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Br J Ophthalmol. 2020 Feb 12. pii: bjophthalmol-2019-315623. doi: 10.1136/bjophthalmol-2019-315623. [Epub ahead of print]

Efficacy and safety evaluation of benzalkonium chloride preserved eye-drops compared with alternatively preserved and preservative-free eye-drops in the treatment of glaucoma: a systematic review and meta-analysis.

Author information

Department of Ophthalmology, Copenhagen University Hospital, Rigshospitalet-Glostrup, Glostrup, Denmark.
Department of Drug Design and Pharmacology, University of Copenhagen, Copenhagen, Denmark.
Department of Neurosciences, Psychology, Drug Research and Child Health (NEUROFARBA), University of Firenze and AOU Careggi, Florence, Italy.
Centre for Public Health, Queen's University Belfast, Belfast, Northern Ireland, UK.
Department of Ophthalmology, Copenhagen University Hospital, Rigshospitalet-Glostrup, Glostrup, Denmark



This systematic review compared the efficacy and safety of benzalkonium chloride (BAK)-preserved eye-drops with alternatively preserved (AP) and preservative-free (PF) eye-drops.


PubMed, EMBASE and MEDLINE were searched for randomised controlled trials in June and October 2019. Study selection, data extraction and risk of bias assessment were made by two independent reviewers using the Cochrane Handbook. Studies on prostaglandin analogue or beta-blocker eye-drops and patients with glaucoma or ocular hypertension were included. Primary outcome was change in intraocular pressure (IOP). Secondary outcomes were safety measures as assessed in original study.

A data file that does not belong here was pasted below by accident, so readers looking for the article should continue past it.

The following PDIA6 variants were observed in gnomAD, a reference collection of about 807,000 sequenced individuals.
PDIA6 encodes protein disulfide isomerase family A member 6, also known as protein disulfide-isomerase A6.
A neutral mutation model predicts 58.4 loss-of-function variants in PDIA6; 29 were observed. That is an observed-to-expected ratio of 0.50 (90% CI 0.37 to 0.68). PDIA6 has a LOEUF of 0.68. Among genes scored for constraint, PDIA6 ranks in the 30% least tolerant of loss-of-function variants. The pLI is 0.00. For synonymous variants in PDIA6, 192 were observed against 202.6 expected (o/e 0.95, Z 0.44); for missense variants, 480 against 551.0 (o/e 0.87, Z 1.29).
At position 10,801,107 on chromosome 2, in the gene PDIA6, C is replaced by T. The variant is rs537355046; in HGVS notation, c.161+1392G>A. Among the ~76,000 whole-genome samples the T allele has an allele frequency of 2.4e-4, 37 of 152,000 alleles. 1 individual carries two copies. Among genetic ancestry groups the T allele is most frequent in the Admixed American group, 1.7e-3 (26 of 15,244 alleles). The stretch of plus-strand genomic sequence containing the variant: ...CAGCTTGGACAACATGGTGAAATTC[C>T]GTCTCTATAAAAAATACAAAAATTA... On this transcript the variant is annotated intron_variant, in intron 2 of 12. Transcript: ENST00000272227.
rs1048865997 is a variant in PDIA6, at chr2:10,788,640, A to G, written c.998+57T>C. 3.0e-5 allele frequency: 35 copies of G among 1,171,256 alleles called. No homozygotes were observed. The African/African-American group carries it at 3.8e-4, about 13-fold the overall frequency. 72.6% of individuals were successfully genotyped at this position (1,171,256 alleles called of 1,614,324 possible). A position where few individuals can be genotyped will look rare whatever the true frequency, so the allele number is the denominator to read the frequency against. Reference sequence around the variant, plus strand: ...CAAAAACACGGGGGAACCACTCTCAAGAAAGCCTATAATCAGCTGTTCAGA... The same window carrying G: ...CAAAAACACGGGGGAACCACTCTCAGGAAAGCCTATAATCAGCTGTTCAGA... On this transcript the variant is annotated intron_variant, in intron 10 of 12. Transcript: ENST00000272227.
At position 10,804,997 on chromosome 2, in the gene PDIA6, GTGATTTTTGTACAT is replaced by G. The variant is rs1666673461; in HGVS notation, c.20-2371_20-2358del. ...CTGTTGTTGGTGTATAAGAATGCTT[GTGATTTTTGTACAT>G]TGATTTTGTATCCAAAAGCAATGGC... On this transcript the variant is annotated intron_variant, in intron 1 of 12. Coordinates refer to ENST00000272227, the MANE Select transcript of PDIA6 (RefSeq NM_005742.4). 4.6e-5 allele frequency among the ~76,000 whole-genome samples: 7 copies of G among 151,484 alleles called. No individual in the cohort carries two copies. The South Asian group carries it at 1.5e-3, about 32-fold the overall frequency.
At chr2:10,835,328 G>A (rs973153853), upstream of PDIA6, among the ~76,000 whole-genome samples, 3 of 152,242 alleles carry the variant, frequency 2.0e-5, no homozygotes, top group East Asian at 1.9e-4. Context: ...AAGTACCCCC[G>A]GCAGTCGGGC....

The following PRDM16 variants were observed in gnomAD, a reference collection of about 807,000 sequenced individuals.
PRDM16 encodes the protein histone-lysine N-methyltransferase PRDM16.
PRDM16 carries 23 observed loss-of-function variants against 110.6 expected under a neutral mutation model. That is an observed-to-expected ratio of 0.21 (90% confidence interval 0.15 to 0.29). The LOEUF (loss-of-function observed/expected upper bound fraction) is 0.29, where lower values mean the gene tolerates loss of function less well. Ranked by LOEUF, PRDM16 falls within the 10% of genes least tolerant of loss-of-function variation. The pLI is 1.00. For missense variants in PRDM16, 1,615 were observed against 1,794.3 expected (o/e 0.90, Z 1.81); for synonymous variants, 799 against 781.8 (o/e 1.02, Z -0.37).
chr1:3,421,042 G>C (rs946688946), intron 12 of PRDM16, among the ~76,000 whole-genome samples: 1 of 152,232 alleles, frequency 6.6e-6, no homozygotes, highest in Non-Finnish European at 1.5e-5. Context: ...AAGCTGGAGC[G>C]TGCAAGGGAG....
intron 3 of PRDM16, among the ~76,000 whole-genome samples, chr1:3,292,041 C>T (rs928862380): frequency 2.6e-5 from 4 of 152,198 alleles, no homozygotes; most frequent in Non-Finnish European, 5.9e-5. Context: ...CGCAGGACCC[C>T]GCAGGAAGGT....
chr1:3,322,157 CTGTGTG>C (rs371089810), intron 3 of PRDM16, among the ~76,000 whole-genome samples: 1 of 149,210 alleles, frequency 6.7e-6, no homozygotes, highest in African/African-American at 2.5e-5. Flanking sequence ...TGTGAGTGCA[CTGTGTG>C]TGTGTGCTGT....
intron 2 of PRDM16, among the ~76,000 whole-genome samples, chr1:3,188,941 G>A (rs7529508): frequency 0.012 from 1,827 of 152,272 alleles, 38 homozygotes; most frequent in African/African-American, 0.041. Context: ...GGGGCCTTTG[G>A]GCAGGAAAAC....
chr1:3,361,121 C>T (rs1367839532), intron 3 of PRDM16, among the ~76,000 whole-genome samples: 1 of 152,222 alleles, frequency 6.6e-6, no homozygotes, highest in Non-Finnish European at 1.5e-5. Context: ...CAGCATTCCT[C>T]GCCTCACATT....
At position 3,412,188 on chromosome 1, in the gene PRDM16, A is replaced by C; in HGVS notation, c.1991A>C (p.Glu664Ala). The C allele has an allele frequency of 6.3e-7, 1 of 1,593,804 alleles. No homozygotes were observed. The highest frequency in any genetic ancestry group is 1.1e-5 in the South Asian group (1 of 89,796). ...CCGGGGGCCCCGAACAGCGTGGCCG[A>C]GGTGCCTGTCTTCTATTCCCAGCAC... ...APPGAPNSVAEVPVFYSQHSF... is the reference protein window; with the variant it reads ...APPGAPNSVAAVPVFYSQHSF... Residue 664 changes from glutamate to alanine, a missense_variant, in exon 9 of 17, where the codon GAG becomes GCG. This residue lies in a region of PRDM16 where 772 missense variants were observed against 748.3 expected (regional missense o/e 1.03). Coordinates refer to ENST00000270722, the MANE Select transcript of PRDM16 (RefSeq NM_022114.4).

Of 433 articles screened, 16 studies were included. IOP meta-analysis was conducted on 13 studies (4201 patients) ranging from 15 days to 6 months. No significant differences between BAK versus PF and AP were identified (95% CI -0.00 to 0.30 mm Hg, p=0.05). Meta-analyses revealed no differences between BAK versus AP and PF with regards to conjunctival hyperaemia (risk ratio (RR) 1.05, 95% CI 0.91 to 1.22, 3800 patients, 9 studies), ocular hyperaemia (RR 1.31, 95% CI 0.96 to 1.78, 2268 patients, 5 studies), total ocular adverse events (RR 1.03, 95% CI 0.88 to 1.20, 1906 patients, 5 studies) or tear break-up time (mean difference 0.89, 95% CI -0.03 to 1.81, 130 patients, 3 studies). Diverse reporting on safety measures made comparison challenging. Risk of bias was assessed as high or unclear in many relevant domains, suggesting potential selective reporting or under-reporting.


No clinically significant differences on efficacy or safety could be determined between BAK versus AP and PF. However, there were substantial uncertainties on safety.PROSPERO registration numberCRD42019139692.


drugs; glaucoma; intraocular pressure; ocular surface

Conflict of interest statement

Competing interests: None declared.

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